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How clean cooking financing will boost financial inclusion for low-income women


Financial inclusion is a key enabler in reducing extreme poverty and income inequality. Access to financial products – from owning a bank account to obtaining credit – is vital in helping communities feed their families, generate income, lead healthy lives, and access basic services such as water, sanitation, and energy. However, lack of financial access remains a key barrier for many people in sub-Saharan Africa. This is especially true for women, 70% of whom are excluded by financial institutions unable or unwilling to offer financial services upon terms that meet their needs.

Energy 4 Impact has joined forces with Jersey Overseas Aid –an international aid agency providing life-changing assistance to people in developing countries – to tackle this issue through the Financial Inclusion for Clean Cooking in Rwanda and Sierra Leone (FICCARS) programme. This three-year collaboration will support the development and expansion of financial inclusion products for clean cooking in Rwanda and Sierra Leone, enabling women living and working in urban informal settlements to buy clean cooking solutions on credit, and use this as a way to climb the financial ladder.

In sub-Saharan Africa, 850 million people rely on burning wood and charcoal in inefficient stoves to cook their food, largely because they lack access to modern alternatives or are unable to afford them. The pollution generated by burning traditional fuels while cooking also puts women at risk of serious health complications. Cleaner technologies such as LPG, electricity, and biogas are available, but multiple barriers including cost place them out of reach for many low-income women. Women living in informal settlements are especially reliant on biomass as these communities are often excluded from access to basic services such as energy as well as formal financing for appliances.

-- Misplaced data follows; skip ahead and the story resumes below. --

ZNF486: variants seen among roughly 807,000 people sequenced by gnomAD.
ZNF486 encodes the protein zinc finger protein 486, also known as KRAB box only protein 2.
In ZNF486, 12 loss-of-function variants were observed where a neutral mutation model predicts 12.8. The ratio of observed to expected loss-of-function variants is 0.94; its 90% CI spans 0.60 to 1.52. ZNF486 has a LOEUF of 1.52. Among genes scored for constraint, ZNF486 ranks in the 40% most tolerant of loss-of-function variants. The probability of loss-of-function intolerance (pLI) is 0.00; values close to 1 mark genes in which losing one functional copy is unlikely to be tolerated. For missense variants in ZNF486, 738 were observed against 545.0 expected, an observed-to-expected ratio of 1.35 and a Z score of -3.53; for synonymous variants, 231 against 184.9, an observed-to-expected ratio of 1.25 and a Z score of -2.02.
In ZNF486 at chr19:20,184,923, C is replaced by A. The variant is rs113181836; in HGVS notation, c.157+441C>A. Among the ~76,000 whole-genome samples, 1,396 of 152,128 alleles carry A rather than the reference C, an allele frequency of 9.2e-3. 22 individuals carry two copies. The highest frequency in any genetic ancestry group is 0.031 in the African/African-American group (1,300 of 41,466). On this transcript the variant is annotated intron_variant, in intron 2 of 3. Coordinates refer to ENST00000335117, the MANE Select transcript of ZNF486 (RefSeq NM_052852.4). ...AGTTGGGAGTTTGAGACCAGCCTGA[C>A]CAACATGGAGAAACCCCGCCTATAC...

Only 30% of women in sub-Saharan Africa have a formal bank account, let alone access to financial services and the credit needed to buy cleaner, more efficient stoves. Legal and regulatory barriers make it difficult for women to open accounts. They also struggle with lower rates of digital literacy which makes it harder for them to use online or app-based services. Women also typically lack the assets for collateral required by financial service providers to secure credit. Moreover, the lack of gender-focussed data on credit reporting, end-user needs, and market segments, limits interventions by policy makers and service providers and their ability to deliver relevant and impactful financial and clean cooking products, particularly for women. 

There are also challenges on the supply side. For example, the design and marketing of modern energy cooking products in some instances may not be a good fit for women even though they are predominantly responsible for cooking and feeding families. There is a lack of end user financing available to make it possible for low-income customers to pay for items over a set period of time, due to the high costs and risks of extending and managing credit. The cost of last mile distribution can be high, especially in urban informal settlements and awareness on the benefits of clean cooking solutions is often lacking.